You are actually asking two different things, although they are related in a means-ends type relationship.
LEXICAL as in Lexical Categories: "A lexical category is a syntactic category for elements that are part of the lexicon of a language. These elements are at the word level [and are also] known as:
part of speech
grammatical class" (SIL International)
SEMANTICS: "Semantics is, generally defined, the study of meaning of linguistic expressions." (SIL International)
These SIL Glossary definitions show that the means of finished linguistic expressions (expressions made using language) are lexical categories, including grammatical classes or categories. These definitions show that the end result of a linguistic expression is semantic: linguistic expressions express meaning.
The lexical relationship to grammar is already clear: grammar is one of the lexical units, or building blocks, from which meaningful expressions are constructed. For instance, if you want to say that that person at the delicatessen owns that red car and that the car is a Volkswagen, you can choose lexical grammatical categories or classes to construct a semantically meaningful sentence, like these options:
- That man at the delicatessen owns the Volkswagen that is red.
- That man at the delicatessen owns the red car, which is a Volkswagen.
These grammatical constructions give different semantic importance to the make and color. The first option makes the man, Volkswagen make and red color equally important. The second makes the man and red car important while the make of car is nonessential to logical meaning; it is nonrestrictive, additional information. You might instead decide to emphasize the make and owner without giving importance to color by choosing different lexical grammatical units:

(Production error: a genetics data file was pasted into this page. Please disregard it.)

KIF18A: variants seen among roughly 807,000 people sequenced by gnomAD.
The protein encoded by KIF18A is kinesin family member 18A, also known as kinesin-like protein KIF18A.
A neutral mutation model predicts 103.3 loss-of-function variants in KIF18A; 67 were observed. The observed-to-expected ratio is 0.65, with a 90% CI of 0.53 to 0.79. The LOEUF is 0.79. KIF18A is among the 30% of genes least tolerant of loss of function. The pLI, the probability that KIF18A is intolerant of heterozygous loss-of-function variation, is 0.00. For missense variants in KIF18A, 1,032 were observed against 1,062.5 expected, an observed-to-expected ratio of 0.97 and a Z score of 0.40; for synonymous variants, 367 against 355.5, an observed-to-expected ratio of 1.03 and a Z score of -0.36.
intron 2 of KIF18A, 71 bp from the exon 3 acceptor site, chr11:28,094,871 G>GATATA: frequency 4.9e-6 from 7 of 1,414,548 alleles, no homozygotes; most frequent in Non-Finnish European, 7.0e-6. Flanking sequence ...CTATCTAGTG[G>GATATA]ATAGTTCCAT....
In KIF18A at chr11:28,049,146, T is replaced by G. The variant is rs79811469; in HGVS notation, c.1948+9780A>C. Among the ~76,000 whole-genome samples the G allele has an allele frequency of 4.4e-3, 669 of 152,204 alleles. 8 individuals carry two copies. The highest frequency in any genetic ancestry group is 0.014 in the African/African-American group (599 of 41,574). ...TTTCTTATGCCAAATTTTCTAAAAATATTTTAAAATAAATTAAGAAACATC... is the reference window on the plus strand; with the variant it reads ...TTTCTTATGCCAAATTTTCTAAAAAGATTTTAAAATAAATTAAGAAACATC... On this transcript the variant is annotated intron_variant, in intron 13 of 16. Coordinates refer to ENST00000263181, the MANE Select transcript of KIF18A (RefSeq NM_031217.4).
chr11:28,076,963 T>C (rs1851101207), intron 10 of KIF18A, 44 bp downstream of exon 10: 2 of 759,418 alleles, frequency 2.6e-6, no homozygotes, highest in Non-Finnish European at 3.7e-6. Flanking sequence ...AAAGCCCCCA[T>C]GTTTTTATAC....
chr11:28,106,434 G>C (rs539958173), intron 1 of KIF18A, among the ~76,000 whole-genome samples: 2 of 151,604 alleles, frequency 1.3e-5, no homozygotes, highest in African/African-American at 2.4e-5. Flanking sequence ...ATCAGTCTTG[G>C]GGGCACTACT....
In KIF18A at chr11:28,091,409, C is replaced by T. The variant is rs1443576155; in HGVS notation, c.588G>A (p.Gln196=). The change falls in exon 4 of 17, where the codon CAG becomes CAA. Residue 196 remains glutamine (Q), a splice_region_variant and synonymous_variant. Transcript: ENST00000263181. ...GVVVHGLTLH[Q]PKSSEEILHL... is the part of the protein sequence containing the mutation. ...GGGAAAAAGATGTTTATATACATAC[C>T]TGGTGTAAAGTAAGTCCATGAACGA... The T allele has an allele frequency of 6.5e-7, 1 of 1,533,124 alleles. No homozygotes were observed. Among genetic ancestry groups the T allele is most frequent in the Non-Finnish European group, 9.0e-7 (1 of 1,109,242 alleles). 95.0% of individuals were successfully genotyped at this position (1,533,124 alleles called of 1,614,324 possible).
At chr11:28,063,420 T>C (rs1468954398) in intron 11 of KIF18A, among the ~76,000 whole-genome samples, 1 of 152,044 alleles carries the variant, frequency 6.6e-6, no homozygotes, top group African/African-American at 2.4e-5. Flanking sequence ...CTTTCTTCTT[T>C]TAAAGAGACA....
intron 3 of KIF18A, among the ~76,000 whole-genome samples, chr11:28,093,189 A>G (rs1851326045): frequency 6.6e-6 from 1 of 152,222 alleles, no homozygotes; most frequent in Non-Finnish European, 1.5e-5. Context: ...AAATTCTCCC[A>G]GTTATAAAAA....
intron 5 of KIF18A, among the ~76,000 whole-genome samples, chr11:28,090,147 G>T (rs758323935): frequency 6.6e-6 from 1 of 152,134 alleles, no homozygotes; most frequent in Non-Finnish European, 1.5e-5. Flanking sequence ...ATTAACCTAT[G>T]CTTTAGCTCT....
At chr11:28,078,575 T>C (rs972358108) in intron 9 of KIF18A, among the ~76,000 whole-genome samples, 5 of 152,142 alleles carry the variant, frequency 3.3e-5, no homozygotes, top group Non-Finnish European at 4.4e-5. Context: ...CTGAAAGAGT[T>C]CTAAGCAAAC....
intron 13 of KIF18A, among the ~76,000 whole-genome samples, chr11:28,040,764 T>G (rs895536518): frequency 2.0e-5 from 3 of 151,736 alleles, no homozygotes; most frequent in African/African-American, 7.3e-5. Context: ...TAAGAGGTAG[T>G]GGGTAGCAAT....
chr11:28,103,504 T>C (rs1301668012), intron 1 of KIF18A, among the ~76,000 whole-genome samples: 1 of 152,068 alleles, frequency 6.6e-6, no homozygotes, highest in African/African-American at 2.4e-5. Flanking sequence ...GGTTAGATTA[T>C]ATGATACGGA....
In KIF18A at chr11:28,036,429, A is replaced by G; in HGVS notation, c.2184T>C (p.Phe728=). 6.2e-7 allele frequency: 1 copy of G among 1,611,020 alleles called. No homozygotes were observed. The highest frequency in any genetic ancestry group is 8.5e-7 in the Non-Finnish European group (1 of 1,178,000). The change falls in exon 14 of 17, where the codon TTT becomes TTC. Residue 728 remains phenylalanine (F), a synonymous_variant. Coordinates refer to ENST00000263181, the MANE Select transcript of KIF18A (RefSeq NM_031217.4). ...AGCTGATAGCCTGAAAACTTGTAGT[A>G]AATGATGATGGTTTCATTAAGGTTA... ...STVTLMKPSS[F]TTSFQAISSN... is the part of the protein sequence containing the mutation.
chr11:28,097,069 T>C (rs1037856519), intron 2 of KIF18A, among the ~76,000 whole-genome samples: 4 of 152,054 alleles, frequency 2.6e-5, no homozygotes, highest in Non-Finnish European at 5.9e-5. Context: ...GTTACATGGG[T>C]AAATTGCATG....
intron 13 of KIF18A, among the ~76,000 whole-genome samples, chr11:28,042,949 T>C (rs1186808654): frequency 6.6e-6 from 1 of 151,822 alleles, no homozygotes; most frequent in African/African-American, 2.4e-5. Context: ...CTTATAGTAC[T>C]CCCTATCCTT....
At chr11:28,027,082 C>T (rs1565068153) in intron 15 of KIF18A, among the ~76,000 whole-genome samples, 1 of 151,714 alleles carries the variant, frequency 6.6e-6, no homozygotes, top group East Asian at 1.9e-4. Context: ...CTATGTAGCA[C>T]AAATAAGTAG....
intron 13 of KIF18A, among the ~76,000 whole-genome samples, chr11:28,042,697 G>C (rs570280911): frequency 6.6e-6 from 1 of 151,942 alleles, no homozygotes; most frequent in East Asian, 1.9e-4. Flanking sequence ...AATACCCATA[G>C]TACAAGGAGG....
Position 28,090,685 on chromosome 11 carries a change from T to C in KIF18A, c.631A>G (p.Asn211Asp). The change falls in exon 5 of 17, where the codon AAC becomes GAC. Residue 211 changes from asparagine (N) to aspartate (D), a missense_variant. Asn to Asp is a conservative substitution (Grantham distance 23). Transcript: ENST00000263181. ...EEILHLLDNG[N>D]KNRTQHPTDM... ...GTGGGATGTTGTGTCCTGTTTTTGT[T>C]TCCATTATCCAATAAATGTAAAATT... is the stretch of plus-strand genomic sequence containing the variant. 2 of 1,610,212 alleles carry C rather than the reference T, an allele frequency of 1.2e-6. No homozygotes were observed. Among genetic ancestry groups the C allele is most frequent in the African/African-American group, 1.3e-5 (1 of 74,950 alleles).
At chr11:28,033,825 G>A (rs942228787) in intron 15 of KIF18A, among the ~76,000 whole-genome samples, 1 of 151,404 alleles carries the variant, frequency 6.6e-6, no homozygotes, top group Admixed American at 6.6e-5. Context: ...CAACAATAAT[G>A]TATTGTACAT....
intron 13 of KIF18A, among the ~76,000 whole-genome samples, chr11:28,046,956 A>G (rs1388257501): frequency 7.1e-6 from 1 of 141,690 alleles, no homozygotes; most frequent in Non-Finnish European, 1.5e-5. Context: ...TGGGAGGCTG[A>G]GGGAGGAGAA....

- That man at the delicatessen owns the Volkswagen, which is red.
Now you arrive at the semantic result of grammar: the expression of meaning. Changing your selection of lexical grammatical units (classes, categories) may change your expression of meaning. Our examples show changes in semantics, but these changes might be critical in various scenarios: perhaps a parking ticket is being given; perhaps a fender-bender accident occurred. Even small changes in lexical categories can potentially effect large changes in semantic meaning.
The above is how "the [semantic] meaning of a sentence is the product of both lexical and grammatical meaning" and how semantics and grammar interface with each other: lexical grammatical categories are the interface between semantics [meaning] and grammar [use of grammatical categories].